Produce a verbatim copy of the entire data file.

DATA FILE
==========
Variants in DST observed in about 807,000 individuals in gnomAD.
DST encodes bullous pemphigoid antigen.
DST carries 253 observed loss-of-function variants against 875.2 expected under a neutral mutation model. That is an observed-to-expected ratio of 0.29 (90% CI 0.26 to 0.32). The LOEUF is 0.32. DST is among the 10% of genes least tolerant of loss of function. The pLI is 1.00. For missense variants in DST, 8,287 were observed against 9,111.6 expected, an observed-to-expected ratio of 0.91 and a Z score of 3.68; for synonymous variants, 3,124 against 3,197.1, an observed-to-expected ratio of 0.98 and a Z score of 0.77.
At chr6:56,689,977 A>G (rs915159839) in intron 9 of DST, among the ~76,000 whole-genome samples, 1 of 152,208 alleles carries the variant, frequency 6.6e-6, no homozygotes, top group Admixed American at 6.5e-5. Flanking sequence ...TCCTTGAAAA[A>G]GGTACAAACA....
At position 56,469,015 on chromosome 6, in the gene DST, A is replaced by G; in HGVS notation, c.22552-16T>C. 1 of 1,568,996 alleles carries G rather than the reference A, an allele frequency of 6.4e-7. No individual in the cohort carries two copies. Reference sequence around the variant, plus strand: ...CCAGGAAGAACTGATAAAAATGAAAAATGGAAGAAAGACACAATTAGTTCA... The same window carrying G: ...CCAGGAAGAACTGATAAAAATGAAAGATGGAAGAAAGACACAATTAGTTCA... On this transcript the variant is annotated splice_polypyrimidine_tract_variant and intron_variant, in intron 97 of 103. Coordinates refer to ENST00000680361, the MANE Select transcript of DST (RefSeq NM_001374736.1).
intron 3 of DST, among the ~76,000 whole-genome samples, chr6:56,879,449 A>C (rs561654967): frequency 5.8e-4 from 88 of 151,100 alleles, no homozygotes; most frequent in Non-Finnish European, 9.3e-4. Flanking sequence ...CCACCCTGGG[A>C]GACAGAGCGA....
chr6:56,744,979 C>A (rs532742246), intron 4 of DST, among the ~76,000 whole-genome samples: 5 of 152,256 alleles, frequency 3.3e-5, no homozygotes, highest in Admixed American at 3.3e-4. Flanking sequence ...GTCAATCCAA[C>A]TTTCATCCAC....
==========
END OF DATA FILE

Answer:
Variants in DST observed in about 807,000 individuals in gnomAD.
DST encodes bullous pemphigoid antigen.
DST carries 253 observed loss-of-function variants against 875.2 expected under a neutral mutation model. That is an observed-to-expected ratio of 0.29 (90% CI 0.26 to 0.32). The LOEUF is 0.32. DST is among the 10% of genes least tolerant of loss of function. The pLI is 1.00. For missense variants in DST, 8,287 were observed against 9,111.6 expected, an observed-to-expected ratio of 0.91 and a Z score of 3.68; for synonymous variants, 3,124 against 3,197.1, an observed-to-expected ratio of 0.98 and a Z score of 0.77.
At chr6:56,689,977 A>G (rs915159839) in intron 9 of DST, among the ~76,000 whole-genome samples, 1 of 152,208 alleles carries the variant, frequency 6.6e-6, no homozygotes, top group Admixed American at 6.5e-5. Flanking sequence ...TCCTTGAAAA[A>G]GGTACAAACA....
At position 56,469,015 on chromosome 6, in the gene DST, A is replaced by G; in HGVS notation, c.22552-16T>C. 1 of 1,568,996 alleles carries G rather than the reference A, an allele frequency of 6.4e-7. No individual in the cohort carries two copies. Reference sequence around the variant, plus strand: ...CCAGGAAGAACTGATAAAAATGAAAAATGGAAGAAAGACACAATTAGTTCA... The same window carrying G: ...CCAGGAAGAACTGATAAAAATGAAAGATGGAAGAAAGACACAATTAGTTCA... On this transcript the variant is annotated splice_polypyrimidine_tract_variant and intron_variant, in intron 97 of 103. Coordinates refer to ENST00000680361, the MANE Select transcript of DST (RefSeq NM_001374736.1).
intron 3 of DST, among the ~76,000 whole-genome samples, chr6:56,879,449 A>C (rs561654967): frequency 5.8e-4 from 88 of 151,100 alleles, no homozygotes; most frequent in Non-Finnish European, 9.3e-4. Flanking sequence ...CCACCCTGGG[A>C]GACAGAGCGA....
chr6:56,744,979 C>A (rs532742246), intron 4 of DST, among the ~76,000 whole-genome samples: 5 of 152,256 alleles, frequency 3.3e-5, no homozygotes, highest in Admixed American at 3.3e-4. Flanking sequence ...GTCAATCCAA[C>A]TTTCATCCAC....